Fulbright Scholars Trapped by Gaza Blockade

Seven Palestinian scholars may lose their prized Fulbright scholarships to attend American universities because Israel won't let them out of the Gaza Strip.

The Palestinians are clearly angry at Israel for its refusal to let them leave, but they are also annoyed at the United States for not being able to influence its Mideast ally Israel to crack open its Gaza blockade just enough to let the seven students and their books out of the area.

"I am so disappointed with the U.S.," Abdulrahman Abdullah told ABC News today from the town of Rafah in the Gaza Strip. "They say they want to help us create a Palestinian state by the end of the year, and they can't get me a visa? I can't believe it."

Israel has sealed the Gaza Strip because it is controlled by the militant group Hamas, which refuses to recognize Israel's right to exist, and because the area is frequently used to launch missile attacks on Israeli border towns.

The border is opened only to allow in essential foods, medicine and oil.

Abdullah and seven other Palestinians who live in Gaza were told their scholarships were to be transferred to Palestinians living in the West Bank because Israel would not grant them visas to leave Gaza.

The West Bank is ruled by the more moderate Fatah and is not under any blockade.

The State Department said today that it will "revisit" its decision to yank the Gazan scholarships and would press the Israelis to provide the eight original winners with visas. One of the winners has since dropped out of the program.

That gave fresh hope to Abdullah.

"It is my dream to return from America and make a contribution to my state and my society," said Abdullah, who works for the United Nations and hopes to obtain an MBA in Michigan.

Secretary of State Condoleezza Rice told reporters traveling with her today that she was unaware of the Israeli decision blocking the Fulbright winners from traveling.

"I had not known this and I'll look into it," she said on a a flight from Sweden to Iceland. "Perhaps there are reasons, but I want to look into why this happened."

State Department spokesman Tom Casey was optimstic that the visas would be issued.

Under Secretary of State William Burns called Israel's ambassador in Washington Friday to urge his government to issue the visas. The response, Casey said, was encouraging.

"They heard our concerns," he said. "I expect we'll have some positive outcome for this in the not-too-distant future."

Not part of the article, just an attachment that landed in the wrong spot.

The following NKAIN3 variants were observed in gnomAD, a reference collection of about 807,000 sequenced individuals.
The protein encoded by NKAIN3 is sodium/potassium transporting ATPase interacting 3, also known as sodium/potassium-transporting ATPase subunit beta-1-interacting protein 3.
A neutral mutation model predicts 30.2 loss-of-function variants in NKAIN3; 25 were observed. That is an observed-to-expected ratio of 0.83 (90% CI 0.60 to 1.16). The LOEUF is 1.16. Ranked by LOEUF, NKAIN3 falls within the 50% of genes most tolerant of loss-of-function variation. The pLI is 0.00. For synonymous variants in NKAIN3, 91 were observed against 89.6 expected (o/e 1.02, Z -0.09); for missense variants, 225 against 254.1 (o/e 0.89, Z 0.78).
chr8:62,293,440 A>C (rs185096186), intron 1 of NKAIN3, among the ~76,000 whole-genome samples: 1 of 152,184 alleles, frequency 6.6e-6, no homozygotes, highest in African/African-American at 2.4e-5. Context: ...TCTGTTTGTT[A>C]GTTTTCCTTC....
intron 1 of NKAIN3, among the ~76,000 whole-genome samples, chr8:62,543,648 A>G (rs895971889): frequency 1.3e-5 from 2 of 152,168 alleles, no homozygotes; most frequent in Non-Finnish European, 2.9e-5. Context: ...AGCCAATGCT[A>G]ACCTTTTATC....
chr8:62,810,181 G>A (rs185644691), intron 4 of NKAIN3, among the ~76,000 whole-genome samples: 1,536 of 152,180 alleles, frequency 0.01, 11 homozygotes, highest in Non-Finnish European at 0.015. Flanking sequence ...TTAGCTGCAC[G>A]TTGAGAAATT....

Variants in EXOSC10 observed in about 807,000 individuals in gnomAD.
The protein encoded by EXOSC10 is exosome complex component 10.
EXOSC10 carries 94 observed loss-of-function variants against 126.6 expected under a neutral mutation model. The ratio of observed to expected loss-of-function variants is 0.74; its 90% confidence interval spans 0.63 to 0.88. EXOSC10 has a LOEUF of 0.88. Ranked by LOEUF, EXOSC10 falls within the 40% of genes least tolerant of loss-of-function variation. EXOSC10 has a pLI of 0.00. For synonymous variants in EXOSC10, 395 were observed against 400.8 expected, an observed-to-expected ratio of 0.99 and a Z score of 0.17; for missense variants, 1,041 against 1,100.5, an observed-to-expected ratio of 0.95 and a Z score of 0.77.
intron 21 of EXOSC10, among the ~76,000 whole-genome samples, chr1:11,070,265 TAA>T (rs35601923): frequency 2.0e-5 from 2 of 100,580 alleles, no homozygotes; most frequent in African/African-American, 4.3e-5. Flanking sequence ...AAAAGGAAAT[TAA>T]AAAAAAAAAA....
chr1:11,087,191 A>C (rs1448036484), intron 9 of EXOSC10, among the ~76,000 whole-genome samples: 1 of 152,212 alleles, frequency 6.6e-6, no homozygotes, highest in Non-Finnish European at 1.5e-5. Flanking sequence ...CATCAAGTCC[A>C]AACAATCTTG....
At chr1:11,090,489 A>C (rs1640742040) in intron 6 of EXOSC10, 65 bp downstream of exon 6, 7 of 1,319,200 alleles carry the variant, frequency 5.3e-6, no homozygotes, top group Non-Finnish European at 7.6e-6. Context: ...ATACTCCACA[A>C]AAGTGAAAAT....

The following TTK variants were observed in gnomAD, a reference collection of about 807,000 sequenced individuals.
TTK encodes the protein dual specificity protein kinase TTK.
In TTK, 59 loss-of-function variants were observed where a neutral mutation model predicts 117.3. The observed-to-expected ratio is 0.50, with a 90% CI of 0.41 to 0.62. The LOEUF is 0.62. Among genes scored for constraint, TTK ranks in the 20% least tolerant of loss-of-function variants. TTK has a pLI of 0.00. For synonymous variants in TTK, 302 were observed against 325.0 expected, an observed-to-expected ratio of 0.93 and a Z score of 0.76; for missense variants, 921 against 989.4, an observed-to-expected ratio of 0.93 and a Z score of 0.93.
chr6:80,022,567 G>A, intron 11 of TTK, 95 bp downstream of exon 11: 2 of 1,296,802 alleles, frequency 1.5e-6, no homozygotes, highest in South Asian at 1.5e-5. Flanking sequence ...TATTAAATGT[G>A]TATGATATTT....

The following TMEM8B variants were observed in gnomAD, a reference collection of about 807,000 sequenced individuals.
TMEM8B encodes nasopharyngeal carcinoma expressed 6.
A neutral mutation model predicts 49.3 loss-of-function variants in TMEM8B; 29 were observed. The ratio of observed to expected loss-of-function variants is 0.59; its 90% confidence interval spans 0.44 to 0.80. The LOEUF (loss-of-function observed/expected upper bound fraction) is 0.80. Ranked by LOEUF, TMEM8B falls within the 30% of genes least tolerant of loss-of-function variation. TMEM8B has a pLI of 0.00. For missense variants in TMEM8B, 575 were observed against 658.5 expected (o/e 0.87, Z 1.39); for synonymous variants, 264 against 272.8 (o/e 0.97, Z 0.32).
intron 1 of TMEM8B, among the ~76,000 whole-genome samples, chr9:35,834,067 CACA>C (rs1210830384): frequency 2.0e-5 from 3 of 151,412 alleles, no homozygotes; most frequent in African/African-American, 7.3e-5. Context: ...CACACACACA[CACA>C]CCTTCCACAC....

Casey said that while Israel didn't say no, the country didn't say yes either and at a certain point it became clear the State Department wouldn't get a response.

Casey acknowledged Israeli security concerns but indicated that granting the visas should not be difficult, saying it "ought to be falling off a log for them to do this."

An Israeli military spokesman told The Associated Press the U.S. made the decision about the scholarships on its own but confirmed that only urgent humanitarian cases are allowed through Gaza's crossings and that does not include students.

The Israelis sent a letter to the disappointed Gazans that read, "We are extremely sorry that we are unable to finalize your scholarship at this time, and hope you will reapply next year and be able to complete your studies in the U.S."

Hadeel Abu Kawik is one of the scholars who got the letter. She is a 23-year-old computer engineering student who completed a lengthy and rigorous process including interviews, exams and an English test to win her Fulbright.

She remained in Gaza despite her family's pleas that she join them in the United Arab Emirates when Hamas blew up the fence on the Egyptian border last January, and thousands of Gazans poured through. Abu Kawik stayed put because she feared leaving Gaza illegally would jeopardize her shot at the Fulbright.

"I was building my hope on this scholarship," she told The Associated Press.

"Now I don't know what to do — to wait by myself in Gaza for another year with no guarantee what the answer will be? Actually I just don't know," Abu Kawik said.

After a pause, some of her disappointment and anger seeped out toward the United States.

"I was astonished at how the United States government cannot get a few students out of Gaza," she said.

Before the restrictions were imposed in January of this year, between 1,000 and 2,000 Gaza students traveled to study abroad every year, according to Gisha, a group that advocates freedom of movement for Palestinians.